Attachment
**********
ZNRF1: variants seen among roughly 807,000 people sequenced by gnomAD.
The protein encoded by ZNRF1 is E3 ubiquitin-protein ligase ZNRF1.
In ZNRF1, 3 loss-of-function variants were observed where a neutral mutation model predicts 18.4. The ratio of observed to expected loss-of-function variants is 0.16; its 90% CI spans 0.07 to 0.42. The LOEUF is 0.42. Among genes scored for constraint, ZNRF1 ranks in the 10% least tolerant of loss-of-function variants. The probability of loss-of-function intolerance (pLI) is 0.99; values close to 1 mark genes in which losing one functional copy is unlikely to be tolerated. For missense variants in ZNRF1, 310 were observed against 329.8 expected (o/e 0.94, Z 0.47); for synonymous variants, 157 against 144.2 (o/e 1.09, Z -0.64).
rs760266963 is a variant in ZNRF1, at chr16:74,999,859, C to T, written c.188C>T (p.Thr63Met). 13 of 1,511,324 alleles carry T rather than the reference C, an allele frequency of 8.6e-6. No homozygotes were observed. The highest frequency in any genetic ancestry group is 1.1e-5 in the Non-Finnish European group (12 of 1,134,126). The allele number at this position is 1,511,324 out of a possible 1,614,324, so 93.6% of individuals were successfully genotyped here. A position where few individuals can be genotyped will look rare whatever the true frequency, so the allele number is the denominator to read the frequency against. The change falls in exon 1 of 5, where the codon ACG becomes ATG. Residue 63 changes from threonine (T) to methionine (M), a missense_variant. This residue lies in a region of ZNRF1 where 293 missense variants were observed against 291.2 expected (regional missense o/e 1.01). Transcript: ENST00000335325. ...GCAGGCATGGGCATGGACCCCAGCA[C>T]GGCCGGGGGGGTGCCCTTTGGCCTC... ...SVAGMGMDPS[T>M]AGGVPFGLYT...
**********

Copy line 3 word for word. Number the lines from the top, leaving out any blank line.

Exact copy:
In ZNRF1, 3 loss-of-function variants were observed where a neutral mutation model predicts 18.4. The ratio of observed to expected loss-of-function variants is 0.16; its 90% CI spans 0.07 to 0.42. The LOEUF is 0.42. Among genes scored for constraint, ZNRF1 ranks in the 10% least tolerant of loss-of-function variants. The probability of loss-of-function intolerance (pLI) is 0.99; values close to 1 mark genes in which losing one functional copy is unlikely to be tolerated. For missense variants in ZNRF1, 310 were observed against 329.8 expected (o/e 0.94, Z 0.47); for synonymous variants, 157 against 144.2 (o/e 1.09, Z -0.64).